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Patient presenting with lipoma of the index finger: a case report



Lipomas can be found anywhere in the body with the majority located in the head and neck region as well as in the shoulder and back. They are not very common in the hand and those involving the fingers are very rare. Although, it is not the only case reported, lipoma of the index finger is very uncommon.

Case presentation

A 52-year-old Caucasian man presented with a lipoma of the right index finger. He complained of no pain but he had difficulty in manual movements. Treatment was surgical excision of the lipoma. There has been no recurrence for two years.


Although lipomas of the fingers are rare entities, their awareness is imperative since the differential diagnosis from other soft tissue tumors and from the special lipomatous subtype involved is quite extensive.


Lipomas are benign, mesenchymal neoplasms occurring in areas of abundant adipose tissue [1]. They can be found anywhere in the body with approximately 15-20% located in the head and neck region and the majority of the rest in the shoulder and back [2]. They are not very common in the hand and those involving the fingers are very rare, with reported incidence of 1% [3]. The first patient reported with a lipoma of the finger was by Stein in 1959 [4] and since then, 14 cases were identified in the literature that concerned lipoma case reports of the fingers [5]. Of those, totally 3 were on the index finger, 2 cases occurring distal to the right proximal interphalangeal joint [6] and 1 case to the left index finger [7], all of them postraumatic in nature. We present another case, with no prior traumatic history, a tendon sheath lipoma involving the proximal and middle phalanx of the right index finger.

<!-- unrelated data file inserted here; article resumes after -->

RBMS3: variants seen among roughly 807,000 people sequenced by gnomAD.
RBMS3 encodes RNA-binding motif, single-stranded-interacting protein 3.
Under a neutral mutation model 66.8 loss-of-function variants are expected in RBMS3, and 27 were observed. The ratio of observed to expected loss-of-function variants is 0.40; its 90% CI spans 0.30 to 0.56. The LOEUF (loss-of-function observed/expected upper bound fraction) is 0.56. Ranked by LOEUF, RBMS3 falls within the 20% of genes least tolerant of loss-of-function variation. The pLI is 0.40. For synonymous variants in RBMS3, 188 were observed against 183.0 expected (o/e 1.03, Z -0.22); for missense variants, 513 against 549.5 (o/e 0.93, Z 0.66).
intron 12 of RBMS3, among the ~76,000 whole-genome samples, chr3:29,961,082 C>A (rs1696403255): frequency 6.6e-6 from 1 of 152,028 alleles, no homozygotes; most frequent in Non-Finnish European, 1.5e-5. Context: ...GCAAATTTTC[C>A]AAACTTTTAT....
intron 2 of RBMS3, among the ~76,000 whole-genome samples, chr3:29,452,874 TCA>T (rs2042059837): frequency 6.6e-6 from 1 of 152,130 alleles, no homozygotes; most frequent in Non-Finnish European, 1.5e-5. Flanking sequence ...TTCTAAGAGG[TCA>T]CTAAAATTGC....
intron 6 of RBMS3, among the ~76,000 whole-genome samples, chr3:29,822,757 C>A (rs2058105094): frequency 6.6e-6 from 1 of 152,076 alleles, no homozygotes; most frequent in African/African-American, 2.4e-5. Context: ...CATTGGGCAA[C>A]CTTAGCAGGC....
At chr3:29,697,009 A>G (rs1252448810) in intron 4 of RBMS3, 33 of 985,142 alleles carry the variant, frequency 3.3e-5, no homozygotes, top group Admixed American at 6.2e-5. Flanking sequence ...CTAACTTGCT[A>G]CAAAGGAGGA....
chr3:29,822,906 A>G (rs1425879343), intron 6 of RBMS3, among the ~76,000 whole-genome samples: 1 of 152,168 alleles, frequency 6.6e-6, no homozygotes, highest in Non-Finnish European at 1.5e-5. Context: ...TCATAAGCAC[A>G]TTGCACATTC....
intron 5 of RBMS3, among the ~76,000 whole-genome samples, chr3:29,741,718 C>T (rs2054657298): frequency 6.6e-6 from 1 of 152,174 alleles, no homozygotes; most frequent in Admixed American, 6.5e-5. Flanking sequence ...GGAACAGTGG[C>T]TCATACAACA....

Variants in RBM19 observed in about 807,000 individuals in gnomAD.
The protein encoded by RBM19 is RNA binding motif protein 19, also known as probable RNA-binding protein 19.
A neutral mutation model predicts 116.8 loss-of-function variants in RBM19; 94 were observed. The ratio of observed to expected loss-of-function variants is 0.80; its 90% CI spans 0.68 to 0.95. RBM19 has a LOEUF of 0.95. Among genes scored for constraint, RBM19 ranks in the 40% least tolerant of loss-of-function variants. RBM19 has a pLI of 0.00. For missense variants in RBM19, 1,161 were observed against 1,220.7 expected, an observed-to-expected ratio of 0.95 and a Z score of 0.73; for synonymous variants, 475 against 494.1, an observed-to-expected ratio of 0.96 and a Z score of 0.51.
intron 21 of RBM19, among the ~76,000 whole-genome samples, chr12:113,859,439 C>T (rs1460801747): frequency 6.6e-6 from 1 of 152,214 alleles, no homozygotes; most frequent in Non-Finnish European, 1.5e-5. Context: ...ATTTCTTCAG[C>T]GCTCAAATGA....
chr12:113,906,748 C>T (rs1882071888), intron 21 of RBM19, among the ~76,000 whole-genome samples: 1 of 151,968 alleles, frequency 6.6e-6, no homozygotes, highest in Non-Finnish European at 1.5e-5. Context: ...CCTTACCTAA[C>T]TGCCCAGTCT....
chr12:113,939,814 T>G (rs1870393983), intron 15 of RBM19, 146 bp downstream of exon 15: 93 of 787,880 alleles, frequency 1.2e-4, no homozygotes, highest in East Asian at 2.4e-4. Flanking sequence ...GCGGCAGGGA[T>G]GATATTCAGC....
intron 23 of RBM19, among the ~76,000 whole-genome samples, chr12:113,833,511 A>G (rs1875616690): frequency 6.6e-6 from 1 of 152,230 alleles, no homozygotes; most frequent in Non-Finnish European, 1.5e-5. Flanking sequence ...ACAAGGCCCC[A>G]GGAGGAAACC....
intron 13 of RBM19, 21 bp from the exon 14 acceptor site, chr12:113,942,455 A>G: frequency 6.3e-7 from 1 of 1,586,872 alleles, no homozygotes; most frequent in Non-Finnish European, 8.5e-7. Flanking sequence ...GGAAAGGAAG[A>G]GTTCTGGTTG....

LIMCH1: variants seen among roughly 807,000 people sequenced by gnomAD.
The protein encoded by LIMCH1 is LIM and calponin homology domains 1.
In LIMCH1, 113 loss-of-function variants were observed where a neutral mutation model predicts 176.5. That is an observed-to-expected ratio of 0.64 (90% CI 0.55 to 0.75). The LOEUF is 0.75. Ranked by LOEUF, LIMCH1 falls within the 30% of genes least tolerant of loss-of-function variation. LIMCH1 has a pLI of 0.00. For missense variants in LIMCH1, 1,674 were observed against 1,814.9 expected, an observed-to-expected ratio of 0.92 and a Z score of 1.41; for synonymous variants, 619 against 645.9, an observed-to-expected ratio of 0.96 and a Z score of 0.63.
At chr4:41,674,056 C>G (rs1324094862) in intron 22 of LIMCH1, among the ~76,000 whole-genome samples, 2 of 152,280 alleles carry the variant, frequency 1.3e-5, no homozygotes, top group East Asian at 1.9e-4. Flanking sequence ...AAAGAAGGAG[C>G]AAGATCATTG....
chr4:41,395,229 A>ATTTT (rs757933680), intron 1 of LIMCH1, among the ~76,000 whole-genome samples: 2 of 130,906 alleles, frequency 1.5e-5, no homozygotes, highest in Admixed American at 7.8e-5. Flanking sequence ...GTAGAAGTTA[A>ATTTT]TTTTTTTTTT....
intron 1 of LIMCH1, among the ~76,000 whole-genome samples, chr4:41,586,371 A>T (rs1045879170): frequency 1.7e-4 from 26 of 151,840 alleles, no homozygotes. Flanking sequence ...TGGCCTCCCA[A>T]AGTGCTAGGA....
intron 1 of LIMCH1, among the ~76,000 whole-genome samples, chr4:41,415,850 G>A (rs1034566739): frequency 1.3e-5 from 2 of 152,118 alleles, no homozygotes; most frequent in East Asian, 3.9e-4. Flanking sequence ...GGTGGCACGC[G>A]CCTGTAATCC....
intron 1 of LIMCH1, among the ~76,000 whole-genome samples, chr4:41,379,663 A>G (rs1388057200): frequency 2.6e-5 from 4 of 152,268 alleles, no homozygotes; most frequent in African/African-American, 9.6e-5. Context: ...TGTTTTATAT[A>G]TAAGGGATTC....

Case presentation

A 52-year-old Caucasian man was presented with a massive soft tumour of the volar aspect of the proximal and middle phalanx of the right index digit. The mass appeared five years prior to the medical consultation, and was asymptomatic until 12 months ago, when the patient first complained of limitation in the range of motion, especially at flexion and pain during manual maneuvers. On clinical examination he had a soft mobile, elastic mass at the volar aspect of the 2nddigit with no disturbance of sensibility. He had no ulceration or pigmentation on the overlying skin, neither any other inflammatory changes such as redness, heat or pain on palpation. Plain anteroposterior radiograph of the digit showed no invasion of the bone, thus excluding parosteal lipoma from the differential diagnosis. Unenhanced MRI shows the exact position and morphology of the lesion in sagittal view, with the characteristic capsule of the mass suggesting a working diagnosis of lipoma (Figure 1).

Figure 1

MRIT1 sequence, saggital image of the lipoma and its attachment to the tendon sheath.

Under general anesthesia and the use of tourniquet, we performed a 'Z' shape incision in the volar aspect of the finger. The fatty, lobulated mass was found to be localized in the subcutaneous tissue and was attached close to the proximal and middle phalanx of the digit without interfering with the fascicles of the tendon (Figure 2). The neoplasm was removed completely including the extensions into the tendon sheath avoiding damage to the neurovascular bundles (Figure 3). The specimen measured 2 × 1 × 1 cm. Histological examination showed a yellowish, lobulated, ulcerative lipoma confirming the initial diagnosis. No complications occurred during the postoperative period while the patient achieved full range of motion. There were no sings of recurrence after a follow-up of 24 months.